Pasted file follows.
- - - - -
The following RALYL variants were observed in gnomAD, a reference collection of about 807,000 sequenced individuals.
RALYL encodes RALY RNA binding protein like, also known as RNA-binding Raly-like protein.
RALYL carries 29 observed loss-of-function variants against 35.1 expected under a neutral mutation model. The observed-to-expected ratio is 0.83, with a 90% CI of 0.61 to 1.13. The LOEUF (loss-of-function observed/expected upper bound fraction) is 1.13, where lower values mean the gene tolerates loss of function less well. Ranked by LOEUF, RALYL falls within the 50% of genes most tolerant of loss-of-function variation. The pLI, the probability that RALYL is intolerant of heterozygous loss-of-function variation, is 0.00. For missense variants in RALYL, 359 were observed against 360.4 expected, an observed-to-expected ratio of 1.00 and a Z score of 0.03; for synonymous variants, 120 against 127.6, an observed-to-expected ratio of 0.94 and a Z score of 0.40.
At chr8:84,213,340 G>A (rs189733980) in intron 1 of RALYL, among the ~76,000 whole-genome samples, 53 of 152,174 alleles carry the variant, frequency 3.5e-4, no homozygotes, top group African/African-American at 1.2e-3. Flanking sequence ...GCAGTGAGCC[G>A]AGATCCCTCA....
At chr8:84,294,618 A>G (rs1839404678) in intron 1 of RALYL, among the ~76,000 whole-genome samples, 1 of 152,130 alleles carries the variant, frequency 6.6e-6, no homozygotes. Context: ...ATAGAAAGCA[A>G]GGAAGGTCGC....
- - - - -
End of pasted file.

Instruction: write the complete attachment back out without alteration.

The following RALYL variants were observed in gnomAD, a reference collection of about 807,000 sequenced individuals.
RALYL encodes RALY RNA binding protein like, also known as RNA-binding Raly-like protein.
RALYL carries 29 observed loss-of-function variants against 35.1 expected under a neutral mutation model. The observed-to-expected ratio is 0.83, with a 90% CI of 0.61 to 1.13. The LOEUF (loss-of-function observed/expected upper bound fraction) is 1.13, where lower values mean the gene tolerates loss of function less well. Ranked by LOEUF, RALYL falls within the 50% of genes most tolerant of loss-of-function variation. The pLI, the probability that RALYL is intolerant of heterozygous loss-of-function variation, is 0.00. For missense variants in RALYL, 359 were observed against 360.4 expected, an observed-to-expected ratio of 1.00 and a Z score of 0.03; for synonymous variants, 120 against 127.6, an observed-to-expected ratio of 0.94 and a Z score of 0.40.
At chr8:84,213,340 G>A (rs189733980) in intron 1 of RALYL, among the ~76,000 whole-genome samples, 53 of 152,174 alleles carry the variant, frequency 3.5e-4, no homozygotes, top group African/African-American at 1.2e-3. Flanking sequence ...GCAGTGAGCC[G>A]AGATCCCTCA....
At chr8:84,294,618 A>G (rs1839404678) in intron 1 of RALYL, among the ~76,000 whole-genome samples, 1 of 152,130 alleles carries the variant, frequency 6.6e-6, no homozygotes. Context: ...ATAGAAAGCA[A>G]GGAAGGTCGC....